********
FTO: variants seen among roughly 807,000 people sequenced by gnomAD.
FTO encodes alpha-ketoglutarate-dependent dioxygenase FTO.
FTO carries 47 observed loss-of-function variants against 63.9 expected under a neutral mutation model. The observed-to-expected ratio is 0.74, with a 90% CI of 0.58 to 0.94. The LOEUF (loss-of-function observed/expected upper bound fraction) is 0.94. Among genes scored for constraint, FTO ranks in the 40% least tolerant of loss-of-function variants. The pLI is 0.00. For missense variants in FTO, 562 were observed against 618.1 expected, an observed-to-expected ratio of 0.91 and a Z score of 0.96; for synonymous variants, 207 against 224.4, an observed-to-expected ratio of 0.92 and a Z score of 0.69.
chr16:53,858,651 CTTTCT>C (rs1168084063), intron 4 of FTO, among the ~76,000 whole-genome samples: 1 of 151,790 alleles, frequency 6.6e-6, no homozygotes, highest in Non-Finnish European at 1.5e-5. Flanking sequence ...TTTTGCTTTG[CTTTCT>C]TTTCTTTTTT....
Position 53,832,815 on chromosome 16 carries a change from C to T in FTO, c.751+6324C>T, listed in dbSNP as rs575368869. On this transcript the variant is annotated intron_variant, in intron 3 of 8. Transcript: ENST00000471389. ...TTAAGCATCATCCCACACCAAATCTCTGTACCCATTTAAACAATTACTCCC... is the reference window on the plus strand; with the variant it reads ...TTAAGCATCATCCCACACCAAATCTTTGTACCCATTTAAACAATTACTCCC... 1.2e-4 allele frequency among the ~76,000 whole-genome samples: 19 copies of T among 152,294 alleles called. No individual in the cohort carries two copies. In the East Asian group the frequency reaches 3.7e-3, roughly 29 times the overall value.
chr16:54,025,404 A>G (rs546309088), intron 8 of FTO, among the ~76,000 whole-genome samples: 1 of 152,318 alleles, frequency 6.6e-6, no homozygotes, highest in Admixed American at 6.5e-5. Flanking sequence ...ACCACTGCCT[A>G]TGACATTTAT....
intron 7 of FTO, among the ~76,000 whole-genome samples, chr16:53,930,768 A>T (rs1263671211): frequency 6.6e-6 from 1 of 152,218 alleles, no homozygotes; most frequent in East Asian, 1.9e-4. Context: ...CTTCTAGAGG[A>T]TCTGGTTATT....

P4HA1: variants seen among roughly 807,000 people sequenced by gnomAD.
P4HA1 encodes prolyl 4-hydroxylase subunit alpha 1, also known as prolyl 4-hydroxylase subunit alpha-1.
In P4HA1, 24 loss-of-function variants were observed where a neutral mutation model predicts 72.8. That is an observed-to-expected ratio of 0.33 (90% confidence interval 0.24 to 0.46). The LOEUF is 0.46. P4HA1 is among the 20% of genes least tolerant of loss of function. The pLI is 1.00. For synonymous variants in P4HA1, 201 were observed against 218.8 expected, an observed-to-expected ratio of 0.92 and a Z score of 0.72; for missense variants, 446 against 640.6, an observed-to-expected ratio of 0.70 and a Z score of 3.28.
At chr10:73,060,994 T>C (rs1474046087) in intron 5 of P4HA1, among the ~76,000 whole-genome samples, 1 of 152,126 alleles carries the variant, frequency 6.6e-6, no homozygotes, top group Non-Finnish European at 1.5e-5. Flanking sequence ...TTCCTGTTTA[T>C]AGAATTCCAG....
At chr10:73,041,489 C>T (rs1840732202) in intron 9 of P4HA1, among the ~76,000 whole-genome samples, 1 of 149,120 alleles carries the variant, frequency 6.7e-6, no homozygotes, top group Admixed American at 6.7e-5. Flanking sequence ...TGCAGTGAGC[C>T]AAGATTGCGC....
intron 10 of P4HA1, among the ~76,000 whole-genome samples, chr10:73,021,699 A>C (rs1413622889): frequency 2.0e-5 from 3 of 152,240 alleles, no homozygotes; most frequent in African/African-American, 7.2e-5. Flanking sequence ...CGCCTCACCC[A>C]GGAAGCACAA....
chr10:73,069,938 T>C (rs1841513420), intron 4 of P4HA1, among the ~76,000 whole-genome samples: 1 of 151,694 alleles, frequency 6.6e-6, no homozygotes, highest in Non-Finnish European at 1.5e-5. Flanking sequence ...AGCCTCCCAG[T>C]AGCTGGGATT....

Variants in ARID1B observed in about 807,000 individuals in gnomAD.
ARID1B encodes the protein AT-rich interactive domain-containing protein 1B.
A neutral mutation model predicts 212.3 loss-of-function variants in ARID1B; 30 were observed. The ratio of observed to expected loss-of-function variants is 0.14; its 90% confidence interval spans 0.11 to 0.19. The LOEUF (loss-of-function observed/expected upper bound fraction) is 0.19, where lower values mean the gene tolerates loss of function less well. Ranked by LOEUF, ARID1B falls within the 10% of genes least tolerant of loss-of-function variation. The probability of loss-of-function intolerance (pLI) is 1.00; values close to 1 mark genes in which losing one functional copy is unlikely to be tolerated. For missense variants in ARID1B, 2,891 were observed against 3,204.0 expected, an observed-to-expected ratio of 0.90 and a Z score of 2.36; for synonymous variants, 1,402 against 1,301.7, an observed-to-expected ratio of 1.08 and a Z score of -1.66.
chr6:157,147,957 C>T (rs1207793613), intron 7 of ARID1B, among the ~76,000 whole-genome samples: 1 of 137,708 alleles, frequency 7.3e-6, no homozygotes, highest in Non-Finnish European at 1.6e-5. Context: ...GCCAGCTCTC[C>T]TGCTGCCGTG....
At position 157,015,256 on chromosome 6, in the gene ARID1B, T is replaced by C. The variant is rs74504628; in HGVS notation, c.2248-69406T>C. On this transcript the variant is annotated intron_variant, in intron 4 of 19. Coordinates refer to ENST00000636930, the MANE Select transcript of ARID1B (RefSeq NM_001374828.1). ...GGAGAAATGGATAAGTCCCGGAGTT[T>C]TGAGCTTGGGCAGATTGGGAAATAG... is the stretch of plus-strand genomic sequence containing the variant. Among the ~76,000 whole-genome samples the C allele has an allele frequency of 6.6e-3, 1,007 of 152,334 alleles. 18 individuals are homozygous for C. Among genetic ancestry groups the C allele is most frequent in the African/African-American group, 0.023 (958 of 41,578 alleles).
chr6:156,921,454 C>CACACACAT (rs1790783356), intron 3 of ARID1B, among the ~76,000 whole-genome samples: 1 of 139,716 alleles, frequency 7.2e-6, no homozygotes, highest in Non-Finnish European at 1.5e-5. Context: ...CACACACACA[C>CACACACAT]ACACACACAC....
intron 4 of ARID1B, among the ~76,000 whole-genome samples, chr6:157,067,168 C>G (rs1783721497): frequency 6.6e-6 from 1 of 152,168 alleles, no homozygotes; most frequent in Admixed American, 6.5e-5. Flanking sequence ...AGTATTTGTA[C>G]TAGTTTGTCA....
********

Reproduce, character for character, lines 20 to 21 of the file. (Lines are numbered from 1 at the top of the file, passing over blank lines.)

chr6:156,921,454 C>CACACACAT (rs1790783356), intron 3 of ARID1B, among the ~76,000 whole-genome samples: 1 of 139,716 alleles, frequency 7.2e-6, no homozygotes, highest in Non-Finnish European at 1.5e-5. Context: ...CACACACACA[C>CACACACAT]ACACACACAC....
intron 4 of ARID1B, among the ~76,000 whole-genome samples, chr6:157,067,168 C>G (rs1783721497): frequency 6.6e-6 from 1 of 152,168 alleles, no homozygotes; most frequent in Admixed American, 6.5e-5. Flanking sequence ...AGTATTTGTA[C>G]TAGTTTGTCA....